Glass Candy-Beatbox

July 29, 2009

Glass Candy

Beatbox(Italians Do it Better 2007)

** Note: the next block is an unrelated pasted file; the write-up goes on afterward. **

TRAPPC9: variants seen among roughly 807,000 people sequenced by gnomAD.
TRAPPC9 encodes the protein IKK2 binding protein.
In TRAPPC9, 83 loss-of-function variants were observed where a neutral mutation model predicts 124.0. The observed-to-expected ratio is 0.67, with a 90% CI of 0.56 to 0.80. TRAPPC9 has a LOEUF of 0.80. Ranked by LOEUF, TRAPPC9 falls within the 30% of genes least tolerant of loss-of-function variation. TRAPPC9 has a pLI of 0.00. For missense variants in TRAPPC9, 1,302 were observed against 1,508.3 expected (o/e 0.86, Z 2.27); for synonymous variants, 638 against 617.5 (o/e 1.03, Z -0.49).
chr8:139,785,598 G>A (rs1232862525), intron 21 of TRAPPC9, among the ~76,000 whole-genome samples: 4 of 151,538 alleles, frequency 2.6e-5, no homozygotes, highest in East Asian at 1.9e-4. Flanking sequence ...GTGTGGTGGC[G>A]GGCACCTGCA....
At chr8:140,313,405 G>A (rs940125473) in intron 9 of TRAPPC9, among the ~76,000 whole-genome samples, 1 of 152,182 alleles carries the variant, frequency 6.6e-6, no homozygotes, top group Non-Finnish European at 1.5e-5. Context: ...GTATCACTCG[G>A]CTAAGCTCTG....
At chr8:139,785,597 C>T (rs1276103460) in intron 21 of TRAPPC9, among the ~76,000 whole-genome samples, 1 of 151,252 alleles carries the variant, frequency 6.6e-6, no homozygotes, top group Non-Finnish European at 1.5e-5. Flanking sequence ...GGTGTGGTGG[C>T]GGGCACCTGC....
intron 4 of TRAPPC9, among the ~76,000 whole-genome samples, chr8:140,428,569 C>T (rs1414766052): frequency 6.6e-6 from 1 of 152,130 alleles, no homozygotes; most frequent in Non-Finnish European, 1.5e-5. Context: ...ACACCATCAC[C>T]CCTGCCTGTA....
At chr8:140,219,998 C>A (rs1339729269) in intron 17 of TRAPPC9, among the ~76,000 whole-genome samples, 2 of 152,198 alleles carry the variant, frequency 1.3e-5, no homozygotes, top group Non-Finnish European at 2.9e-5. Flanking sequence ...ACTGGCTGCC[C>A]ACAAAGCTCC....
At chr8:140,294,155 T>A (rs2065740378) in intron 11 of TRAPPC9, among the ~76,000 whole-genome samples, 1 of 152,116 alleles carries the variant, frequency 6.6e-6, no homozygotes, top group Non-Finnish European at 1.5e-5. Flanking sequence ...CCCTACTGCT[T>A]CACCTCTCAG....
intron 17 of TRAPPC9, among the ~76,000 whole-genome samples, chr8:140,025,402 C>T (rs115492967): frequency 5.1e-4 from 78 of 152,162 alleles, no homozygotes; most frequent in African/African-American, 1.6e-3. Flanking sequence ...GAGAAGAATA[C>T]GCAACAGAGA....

Man, it took awhile to swallow my pride and earnestly accept the fact that Glass Candy were no longer the pretentious art-punk mess that released a series of occasionally great, but mostly horrid series of singles and albums. There always was something intriguing about them in theory, but the reality was that you had a fetching vocalist and interesting guitarist who listened to a few too many no-wave albums and decided to meld them with Blondie’s Parallel Lines. It was a mess, albeit one which kind of made you wonder what could be if this unlikely synthesis could be pulled off. It’s probably for the best that they decided to soldier onwards in a different direction and aim for a surprisingly successful marriage of Italo disco, Kraftwerk, new wave, John Carpenter soundtracks and and the hypnotic, but elegant repetition of Cluster. Yeah, the Cluster comparison is a stretch, but I’ll be damned if Beatbox doesn’t put me near that same head nodding zone as their more energetic orbits. On one hand, it’s just as disposable as any number of early 80s one-hit wonders, but Johnny Jewel’s instrumentation is a subtle, but unsettling take on early 80s disco that provides a perfect stage for vocalist Ida No’s blank vocals.